Mars Colonization – A French Astronaut Undermines Elon Musk’s Plan With The Red Planet

Mars colonization it the biggest project Elon Musk has. Less than a year ago, the boss of SpaceX and Tesla announced his intention to send a million people to Mars by 2024. Encouraged by the successful launch of his Falcon Heavy rocket, which took off unmanned last February, Elon Musk wants to move up, considering Mars colonization as a matter of survival “for the human species”.

Elon Musk’s project is to provide humanity with a fallback solution to the rapid degradation of the planet Earth. “The most important is the future of our civilization. But if we do not change the way we treat our biosphere, well, yes, we will have to think about living on several planets,” stated the SpaceX and Tesla boss.

Mars colonization arouses both enthusiasm and doubts in the world of astronomy

Now, is the turn of the French astronaut Thomas Pesquet, who spent six months aboard the International Space Station between 2016 and 2017, to share his opinion regarding Elon Musk’s plan to colonize the Red Planet.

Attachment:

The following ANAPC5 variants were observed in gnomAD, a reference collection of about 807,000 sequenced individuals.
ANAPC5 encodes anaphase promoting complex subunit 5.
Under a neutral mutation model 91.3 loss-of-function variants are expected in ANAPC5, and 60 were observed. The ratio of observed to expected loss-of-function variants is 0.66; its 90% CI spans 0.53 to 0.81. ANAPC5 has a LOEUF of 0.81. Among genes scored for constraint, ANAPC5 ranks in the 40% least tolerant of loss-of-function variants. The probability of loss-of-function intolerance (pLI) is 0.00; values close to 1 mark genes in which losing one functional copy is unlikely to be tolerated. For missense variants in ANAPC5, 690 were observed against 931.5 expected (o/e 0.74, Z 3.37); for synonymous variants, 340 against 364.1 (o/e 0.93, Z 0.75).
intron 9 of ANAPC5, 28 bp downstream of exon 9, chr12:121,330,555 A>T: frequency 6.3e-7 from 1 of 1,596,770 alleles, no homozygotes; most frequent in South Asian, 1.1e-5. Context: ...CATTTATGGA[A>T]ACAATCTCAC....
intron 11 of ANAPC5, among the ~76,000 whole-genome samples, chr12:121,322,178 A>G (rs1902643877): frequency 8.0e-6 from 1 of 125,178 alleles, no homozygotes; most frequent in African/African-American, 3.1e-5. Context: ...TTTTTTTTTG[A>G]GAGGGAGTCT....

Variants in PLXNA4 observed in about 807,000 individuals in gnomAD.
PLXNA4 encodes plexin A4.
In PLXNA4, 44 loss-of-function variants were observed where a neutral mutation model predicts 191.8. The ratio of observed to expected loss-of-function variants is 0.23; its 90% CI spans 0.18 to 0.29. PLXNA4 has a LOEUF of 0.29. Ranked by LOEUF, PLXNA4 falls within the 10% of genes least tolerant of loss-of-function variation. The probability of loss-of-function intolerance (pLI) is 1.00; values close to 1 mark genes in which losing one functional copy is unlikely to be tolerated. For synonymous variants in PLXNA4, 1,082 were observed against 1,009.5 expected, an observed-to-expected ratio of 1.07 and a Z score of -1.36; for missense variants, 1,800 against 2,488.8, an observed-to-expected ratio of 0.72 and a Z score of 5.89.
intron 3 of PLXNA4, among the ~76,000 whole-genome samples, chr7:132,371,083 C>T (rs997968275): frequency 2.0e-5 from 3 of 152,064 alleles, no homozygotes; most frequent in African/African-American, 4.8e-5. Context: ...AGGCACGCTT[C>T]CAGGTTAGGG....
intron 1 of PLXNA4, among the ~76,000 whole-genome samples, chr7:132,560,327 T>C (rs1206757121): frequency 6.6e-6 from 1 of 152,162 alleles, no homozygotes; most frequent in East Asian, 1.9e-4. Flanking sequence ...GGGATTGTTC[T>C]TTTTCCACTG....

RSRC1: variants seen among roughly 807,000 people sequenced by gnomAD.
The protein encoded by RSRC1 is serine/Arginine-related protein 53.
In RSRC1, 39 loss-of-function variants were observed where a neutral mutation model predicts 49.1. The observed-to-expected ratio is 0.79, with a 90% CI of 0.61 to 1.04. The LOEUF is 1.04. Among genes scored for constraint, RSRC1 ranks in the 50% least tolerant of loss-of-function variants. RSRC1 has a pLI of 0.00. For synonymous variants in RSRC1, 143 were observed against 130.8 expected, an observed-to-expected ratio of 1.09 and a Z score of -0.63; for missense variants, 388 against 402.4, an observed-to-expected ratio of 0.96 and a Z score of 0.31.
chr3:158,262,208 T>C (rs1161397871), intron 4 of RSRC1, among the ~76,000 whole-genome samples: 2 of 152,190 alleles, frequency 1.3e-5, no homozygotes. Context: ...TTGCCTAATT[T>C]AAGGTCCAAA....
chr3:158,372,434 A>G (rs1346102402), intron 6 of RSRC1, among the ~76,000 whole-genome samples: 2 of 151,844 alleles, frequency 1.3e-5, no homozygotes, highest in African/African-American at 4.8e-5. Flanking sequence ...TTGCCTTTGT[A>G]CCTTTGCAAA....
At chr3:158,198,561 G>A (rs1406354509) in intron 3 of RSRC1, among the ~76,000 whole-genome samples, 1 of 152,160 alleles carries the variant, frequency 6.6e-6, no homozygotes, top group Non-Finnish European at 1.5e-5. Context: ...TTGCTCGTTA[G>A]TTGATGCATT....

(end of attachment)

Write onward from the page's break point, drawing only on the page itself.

“The idea of Plan B bothers me because it takes away some of the responsibility,” Pesquet says.

“We hope to bring men and women to Mars but for the purpose of study but not for Mars colonization. We can see from the Station [ISS] the effects of human activity on Earth – pollution of the sea, deforestation, air pollution over large cities. We quickly realize that the Earth is very fragile,” he adds.

We must understand how life can come and go

Taking into account the consequences of human overexploitation of natural resources, climate change should be an integral part of the responsibility of space agencies which, according to Thomas Pesquet, “organize many missions to study the Earth, the climate, the oceans, the biomass , the gaseous composition of the atmosphere to better understand the effects of global warming.” But still no concrete changes against global warming.

“[Space agencies] role is to be a data provider and make the diagnosis,” Thomas Pesquet says. According to him, scientific missions on Mars would help us “understand how life can come and go” and should not follow the goal of Mars colonization as Elon Musk wants.

Related Posts